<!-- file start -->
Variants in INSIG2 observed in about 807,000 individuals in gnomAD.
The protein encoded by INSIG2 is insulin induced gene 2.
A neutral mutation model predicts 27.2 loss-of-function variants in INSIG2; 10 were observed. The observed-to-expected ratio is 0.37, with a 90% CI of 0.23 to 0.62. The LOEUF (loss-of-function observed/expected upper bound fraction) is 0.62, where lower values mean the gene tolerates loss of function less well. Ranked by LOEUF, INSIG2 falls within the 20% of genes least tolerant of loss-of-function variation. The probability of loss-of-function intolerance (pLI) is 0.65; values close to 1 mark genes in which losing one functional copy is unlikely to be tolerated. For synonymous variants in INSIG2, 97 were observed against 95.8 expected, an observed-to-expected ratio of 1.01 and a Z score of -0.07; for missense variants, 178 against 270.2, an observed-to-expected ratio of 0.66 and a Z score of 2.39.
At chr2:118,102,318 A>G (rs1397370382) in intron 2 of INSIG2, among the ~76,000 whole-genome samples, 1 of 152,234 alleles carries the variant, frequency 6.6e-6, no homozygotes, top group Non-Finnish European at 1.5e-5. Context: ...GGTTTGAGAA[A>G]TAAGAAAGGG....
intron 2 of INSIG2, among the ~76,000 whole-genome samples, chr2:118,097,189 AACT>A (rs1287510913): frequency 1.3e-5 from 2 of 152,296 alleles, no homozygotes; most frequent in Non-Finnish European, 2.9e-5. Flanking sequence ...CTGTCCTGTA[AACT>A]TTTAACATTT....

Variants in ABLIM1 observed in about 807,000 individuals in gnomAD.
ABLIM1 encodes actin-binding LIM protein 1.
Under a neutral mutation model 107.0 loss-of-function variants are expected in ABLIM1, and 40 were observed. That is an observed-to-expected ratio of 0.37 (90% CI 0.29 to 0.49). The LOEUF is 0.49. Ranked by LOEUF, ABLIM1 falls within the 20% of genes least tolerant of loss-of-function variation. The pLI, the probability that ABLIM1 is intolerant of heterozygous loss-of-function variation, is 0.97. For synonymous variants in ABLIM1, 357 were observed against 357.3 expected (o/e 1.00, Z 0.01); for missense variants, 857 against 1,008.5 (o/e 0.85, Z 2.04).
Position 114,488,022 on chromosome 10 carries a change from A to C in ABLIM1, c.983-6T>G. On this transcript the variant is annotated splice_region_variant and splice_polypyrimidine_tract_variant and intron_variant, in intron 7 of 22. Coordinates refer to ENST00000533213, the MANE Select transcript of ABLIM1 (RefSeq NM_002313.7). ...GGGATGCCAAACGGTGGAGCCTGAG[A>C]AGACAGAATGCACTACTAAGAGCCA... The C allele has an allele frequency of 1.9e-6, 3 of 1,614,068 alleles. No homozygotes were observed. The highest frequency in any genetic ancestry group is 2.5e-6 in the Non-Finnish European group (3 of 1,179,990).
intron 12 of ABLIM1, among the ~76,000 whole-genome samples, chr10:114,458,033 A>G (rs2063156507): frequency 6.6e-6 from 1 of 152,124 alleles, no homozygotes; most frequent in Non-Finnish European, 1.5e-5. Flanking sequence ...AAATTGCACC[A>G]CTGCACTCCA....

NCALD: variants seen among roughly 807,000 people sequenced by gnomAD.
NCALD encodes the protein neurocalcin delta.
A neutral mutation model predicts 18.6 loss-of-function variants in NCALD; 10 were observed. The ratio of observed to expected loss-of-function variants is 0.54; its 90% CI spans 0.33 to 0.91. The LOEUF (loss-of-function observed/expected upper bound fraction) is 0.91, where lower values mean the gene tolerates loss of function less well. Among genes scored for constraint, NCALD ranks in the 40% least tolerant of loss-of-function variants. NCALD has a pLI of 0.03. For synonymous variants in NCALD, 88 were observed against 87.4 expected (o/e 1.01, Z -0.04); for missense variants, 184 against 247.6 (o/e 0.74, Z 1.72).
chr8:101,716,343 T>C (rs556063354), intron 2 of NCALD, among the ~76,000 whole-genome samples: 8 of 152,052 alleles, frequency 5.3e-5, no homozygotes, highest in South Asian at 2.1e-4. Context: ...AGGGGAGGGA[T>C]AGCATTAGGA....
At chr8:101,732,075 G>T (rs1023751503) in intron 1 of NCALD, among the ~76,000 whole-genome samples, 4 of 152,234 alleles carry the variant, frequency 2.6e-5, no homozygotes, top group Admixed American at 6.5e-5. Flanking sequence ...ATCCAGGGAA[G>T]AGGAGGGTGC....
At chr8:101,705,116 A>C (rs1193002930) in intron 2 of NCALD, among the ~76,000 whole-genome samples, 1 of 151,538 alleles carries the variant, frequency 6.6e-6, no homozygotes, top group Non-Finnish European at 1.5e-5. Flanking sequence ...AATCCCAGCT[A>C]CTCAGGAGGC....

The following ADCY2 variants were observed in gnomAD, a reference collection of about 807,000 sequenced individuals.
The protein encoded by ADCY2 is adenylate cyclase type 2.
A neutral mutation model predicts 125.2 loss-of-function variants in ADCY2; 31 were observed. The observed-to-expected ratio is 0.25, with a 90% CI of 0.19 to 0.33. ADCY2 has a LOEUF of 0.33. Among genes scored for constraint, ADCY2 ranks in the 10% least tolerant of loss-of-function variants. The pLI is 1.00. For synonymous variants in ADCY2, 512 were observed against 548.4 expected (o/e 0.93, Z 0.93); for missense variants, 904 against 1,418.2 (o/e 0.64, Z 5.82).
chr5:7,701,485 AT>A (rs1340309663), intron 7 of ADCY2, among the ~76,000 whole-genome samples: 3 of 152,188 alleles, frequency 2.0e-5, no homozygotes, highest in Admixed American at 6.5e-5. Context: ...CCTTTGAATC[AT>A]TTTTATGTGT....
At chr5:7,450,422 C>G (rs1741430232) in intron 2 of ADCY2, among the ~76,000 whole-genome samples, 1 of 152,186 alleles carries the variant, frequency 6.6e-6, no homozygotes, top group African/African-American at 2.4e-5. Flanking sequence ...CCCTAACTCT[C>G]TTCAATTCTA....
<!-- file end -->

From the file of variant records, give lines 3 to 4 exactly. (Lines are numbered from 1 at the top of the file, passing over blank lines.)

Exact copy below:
A neutral mutation model predicts 27.2 loss-of-function variants in INSIG2; 10 were observed. The observed-to-expected ratio is 0.37, with a 90% CI of 0.23 to 0.62. The LOEUF (loss-of-function observed/expected upper bound fraction) is 0.62, where lower values mean the gene tolerates loss of function less well. Ranked by LOEUF, INSIG2 falls within the 20% of genes least tolerant of loss-of-function variation. The probability of loss-of-function intolerance (pLI) is 0.65; values close to 1 mark genes in which losing one functional copy is unlikely to be tolerated. For synonymous variants in INSIG2, 97 were observed against 95.8 expected, an observed-to-expected ratio of 1.01 and a Z score of -0.07; for missense variants, 178 against 270.2, an observed-to-expected ratio of 0.66 and a Z score of 2.39.
At chr2:118,102,318 A>G (rs1397370382) in intron 2 of INSIG2, among the ~76,000 whole-genome samples, 1 of 152,234 alleles carries the variant, frequency 6.6e-6, no homozygotes, top group Non-Finnish European at 1.5e-5. Context: ...GGTTTGAGAA[A>G]TAAGAAAGGG....